From Sharne Wolff…
Whoever it was that claimed “the camera never lies” clearly assumed that a photograph is always an honest depiction of the real world. Current exhibitions by Mark Kimber and Megan Jenkinson use different means of exploring the truth in an image. Kimber is known for photographing his own exquisite handmade dioramas that, without intense enquiry, appear to depict reality. In Side Show Valley numerous references to art historical work, historical figures and film have provided ample fuel for a wealth of weird and wonderful characters. Often cinematically inspired, Kimber’s images are as quirky as they are totally absorbing.
Although they’re available on the Gallery website, the works in Jenkinson’s Transfigurations exhibition are not easy to view online no matter how far you shift from side to side in front of the screen. That’s because this new series from the well-known New Zealand photographer displays Jenkinson’s latest experiment in the medium – each work comprises a concertina of two separate images within a single panoramic print. Representing various transitions in the natural world and developed via a combination of the latest digital technology and simple old-fashioned techniques, Jenkinson’s ‘sculptural splicings’ fall somewhere between recognisable narratives and vehicles for wondrous contemplation.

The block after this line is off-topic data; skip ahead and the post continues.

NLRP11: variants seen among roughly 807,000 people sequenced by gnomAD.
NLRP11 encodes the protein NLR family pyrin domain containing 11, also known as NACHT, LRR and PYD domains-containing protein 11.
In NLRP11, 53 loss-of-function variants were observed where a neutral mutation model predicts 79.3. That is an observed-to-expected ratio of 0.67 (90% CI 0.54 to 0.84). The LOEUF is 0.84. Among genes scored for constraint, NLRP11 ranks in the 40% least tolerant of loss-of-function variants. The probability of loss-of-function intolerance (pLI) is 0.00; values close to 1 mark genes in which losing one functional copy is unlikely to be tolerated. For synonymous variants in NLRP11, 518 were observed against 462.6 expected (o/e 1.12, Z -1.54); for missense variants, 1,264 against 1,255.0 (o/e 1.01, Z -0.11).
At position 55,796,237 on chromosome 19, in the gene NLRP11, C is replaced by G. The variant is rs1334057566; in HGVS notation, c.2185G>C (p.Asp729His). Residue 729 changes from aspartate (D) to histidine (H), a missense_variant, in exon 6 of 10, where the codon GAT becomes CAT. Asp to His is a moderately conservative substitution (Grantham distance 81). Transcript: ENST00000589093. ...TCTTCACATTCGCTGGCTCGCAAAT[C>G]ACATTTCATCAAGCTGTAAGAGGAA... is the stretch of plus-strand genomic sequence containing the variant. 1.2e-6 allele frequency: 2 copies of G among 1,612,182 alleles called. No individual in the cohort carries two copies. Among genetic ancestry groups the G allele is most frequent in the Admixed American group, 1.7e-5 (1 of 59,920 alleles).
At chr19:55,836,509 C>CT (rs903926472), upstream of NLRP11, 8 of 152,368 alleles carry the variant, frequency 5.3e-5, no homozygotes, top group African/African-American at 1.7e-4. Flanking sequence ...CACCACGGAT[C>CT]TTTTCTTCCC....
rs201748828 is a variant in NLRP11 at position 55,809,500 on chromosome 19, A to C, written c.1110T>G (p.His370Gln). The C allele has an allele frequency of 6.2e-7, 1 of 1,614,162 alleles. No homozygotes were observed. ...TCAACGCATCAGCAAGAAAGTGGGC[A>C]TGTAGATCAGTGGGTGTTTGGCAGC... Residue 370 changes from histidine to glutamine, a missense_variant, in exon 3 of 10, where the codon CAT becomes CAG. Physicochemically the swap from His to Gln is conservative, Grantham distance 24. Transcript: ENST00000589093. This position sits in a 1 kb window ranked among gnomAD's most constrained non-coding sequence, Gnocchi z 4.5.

Until September 20
Stills Gallery, Paddington
Pic: Megan Jenkinson, wind fall 2012 [detail], Concertina Ultrachrome inkjet print on Hahnemühle Photo Rag139 x 47.5 cm, edition of 5 + 1AP. Courtesy the artist and Stills Gallery.